AYDEN Town commissioners and staff continue to work out a differences on a 2016-17 spending plan that center on the use of a $1.5 million loan to balance revenues and expenditures.
The Ayden Board of Commissioners met May 18 with interim Town Manager Leonard Barefoot, Finance Director Alicia Simpson and several other department heads to discuss the $23.3 million proposal.
The plan also included a 7.5 percent sewer rate hike to cover increased costs from the Contentnea Metropolitan Sewerage District, which is changing to a new billing formula.The board is set to meet again at noon Monday to further discuss the budget.
A 2 percent, five-year $1.5 million loan was a sticking point for board members, whoquestioned the idea of borrowing money to balance the budget and requested a breakdown of how much of the loan would be used for capital expenditures versus operational expenses.
The May 18 meeting marked the second time the board has discussed the budget. At the first meeting on May 9, a $21.4 million plan was unbalanced by approximately $2 million.
Although higher than the first proposed budget, the most recent proposal was balanced through cuts to proposed spending and the inclusion of the $1.5 million loan, according to Barefoot.
The board gave authorization to borrow $1.5 million in 2015 to cover the costs of the electric substation rehabilitation project. However, the town never took out that loan and paid for the project out of the electric fund balance instead, according to Barefoot.
While much of the proposed loan would be used within the electric department, approximately $500,000 would be transferred to the general fund as well.
The loan is a good way to pay for needed capital expenditures, according to Barefoot.
Youre taking assets that have a 20-plus year life and borrowing some money, which you said you wanted to do, Barefoot said. What weve done is what you all wanted to do, but were doing it this year rather than last year.
Major proposed capital expenditures include a computer system and software upgrades at $240,000, new equipment and vehicles for the electric department at $622,126, new vehicles and equipment for the water and sewer department at $188,928 and a variety of new equipment and vehicles for other departments at a total of $323,000.
The proposed expenditures were chosen in consultation with department heads, who said that the requested equipment and vehicles are necessities, according to Barefoot.
Board members agreed that the equipment may be helpful, but questioned the decision to borrow money to pay for it.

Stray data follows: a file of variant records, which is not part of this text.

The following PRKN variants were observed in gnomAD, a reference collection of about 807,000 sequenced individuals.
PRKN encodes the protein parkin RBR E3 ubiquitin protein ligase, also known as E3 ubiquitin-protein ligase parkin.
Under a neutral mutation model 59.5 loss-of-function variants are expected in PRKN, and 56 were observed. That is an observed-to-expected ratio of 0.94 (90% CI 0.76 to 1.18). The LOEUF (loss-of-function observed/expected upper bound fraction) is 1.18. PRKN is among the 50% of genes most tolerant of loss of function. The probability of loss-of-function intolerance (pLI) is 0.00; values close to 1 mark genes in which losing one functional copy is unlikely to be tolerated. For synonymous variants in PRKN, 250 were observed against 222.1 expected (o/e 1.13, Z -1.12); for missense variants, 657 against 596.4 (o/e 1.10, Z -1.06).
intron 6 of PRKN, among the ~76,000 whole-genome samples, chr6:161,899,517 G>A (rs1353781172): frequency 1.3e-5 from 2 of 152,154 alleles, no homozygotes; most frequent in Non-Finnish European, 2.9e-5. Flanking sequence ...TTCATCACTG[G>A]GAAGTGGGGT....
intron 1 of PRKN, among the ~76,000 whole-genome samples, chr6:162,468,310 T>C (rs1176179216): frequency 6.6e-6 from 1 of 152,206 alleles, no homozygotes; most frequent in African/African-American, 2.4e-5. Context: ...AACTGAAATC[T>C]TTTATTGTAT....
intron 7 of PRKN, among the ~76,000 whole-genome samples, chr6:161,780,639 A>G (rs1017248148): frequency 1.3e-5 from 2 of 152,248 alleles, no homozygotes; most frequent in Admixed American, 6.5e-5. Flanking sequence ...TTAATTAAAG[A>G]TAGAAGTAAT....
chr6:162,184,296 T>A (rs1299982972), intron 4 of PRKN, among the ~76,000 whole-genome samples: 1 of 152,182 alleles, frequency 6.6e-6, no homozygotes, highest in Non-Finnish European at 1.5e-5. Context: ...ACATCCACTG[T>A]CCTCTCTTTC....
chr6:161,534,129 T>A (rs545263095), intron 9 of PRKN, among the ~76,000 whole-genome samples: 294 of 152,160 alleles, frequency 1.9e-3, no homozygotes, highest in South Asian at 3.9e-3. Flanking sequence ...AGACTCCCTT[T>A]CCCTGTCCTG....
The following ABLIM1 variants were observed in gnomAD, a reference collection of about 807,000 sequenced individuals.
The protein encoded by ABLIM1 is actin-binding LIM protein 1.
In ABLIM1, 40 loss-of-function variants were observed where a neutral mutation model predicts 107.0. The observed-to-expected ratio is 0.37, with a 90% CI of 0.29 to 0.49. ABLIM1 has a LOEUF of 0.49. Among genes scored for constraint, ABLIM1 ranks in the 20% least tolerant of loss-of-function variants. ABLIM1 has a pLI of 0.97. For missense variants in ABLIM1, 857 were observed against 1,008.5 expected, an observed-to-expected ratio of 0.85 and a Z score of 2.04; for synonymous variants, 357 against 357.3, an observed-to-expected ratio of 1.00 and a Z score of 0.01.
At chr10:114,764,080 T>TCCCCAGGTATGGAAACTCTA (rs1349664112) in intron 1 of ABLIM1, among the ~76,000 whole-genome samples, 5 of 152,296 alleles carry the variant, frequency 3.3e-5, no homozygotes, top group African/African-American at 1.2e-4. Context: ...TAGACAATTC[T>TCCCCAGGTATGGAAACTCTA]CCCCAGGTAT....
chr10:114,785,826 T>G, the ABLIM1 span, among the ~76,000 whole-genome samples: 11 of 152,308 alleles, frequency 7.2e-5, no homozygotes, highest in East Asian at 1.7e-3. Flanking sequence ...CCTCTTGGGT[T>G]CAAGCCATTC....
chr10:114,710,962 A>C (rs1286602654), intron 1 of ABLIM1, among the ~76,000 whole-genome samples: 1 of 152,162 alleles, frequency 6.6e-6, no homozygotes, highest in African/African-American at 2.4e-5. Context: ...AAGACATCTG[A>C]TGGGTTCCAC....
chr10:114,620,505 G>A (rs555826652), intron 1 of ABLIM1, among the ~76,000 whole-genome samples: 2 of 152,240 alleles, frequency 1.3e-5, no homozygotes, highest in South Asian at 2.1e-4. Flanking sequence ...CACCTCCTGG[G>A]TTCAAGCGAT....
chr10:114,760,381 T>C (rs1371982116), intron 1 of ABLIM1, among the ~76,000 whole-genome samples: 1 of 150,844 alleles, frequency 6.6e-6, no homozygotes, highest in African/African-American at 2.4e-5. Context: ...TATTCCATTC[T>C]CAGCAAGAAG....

My intent was when we did the substation hellip; to take $800,000 from the fund balance and to borrow $1.5 million, Mayor Steve Tripp said. If the board felt we had sufficient funds to maintain (the fund balance), then we wouldnt have borrowed the money. The intent was to not get the fund balance so low that we would have to borrow money, and that did not occur.
Commissioner Mary Alice Davenport added, I cannot believe that we do not have any money and now were going to buy all of this stuff with no money to pay for it.
Barefoot maintained that borrowing the money would be a good way to pay for items the town needs.
I see it a little bit differently. The $1.5 million cash, you can say its not going into the fund balance, but its either appropriated for spending or its part of the revenue, Barefoot said. All it points to is that were spending a lot of money in the upcoming budget.
Commissioner Mike Harris questioned how much of the loan would go toward capital expenditures.
I think its easier to swallow if its capital, Harris said. Its just not good practice if its for operational spending, thats when you have to tighten the belt.
Barefoot agreed to provide a breakdown of the capital expenditures before the next budget meeting.
Tripp maintained that cuts will need to be made to the budget.
Were going to have to make some cuts, Tripp said. Its unfortunate hellip; we cant continue going into the fund balance. And, it will get better. We will get growth. If we can hang on three or four years, we will get growth and get a bigger tax base.
The Times-Leader serves southern Pitt County including Ayden, Grifton and Winterville.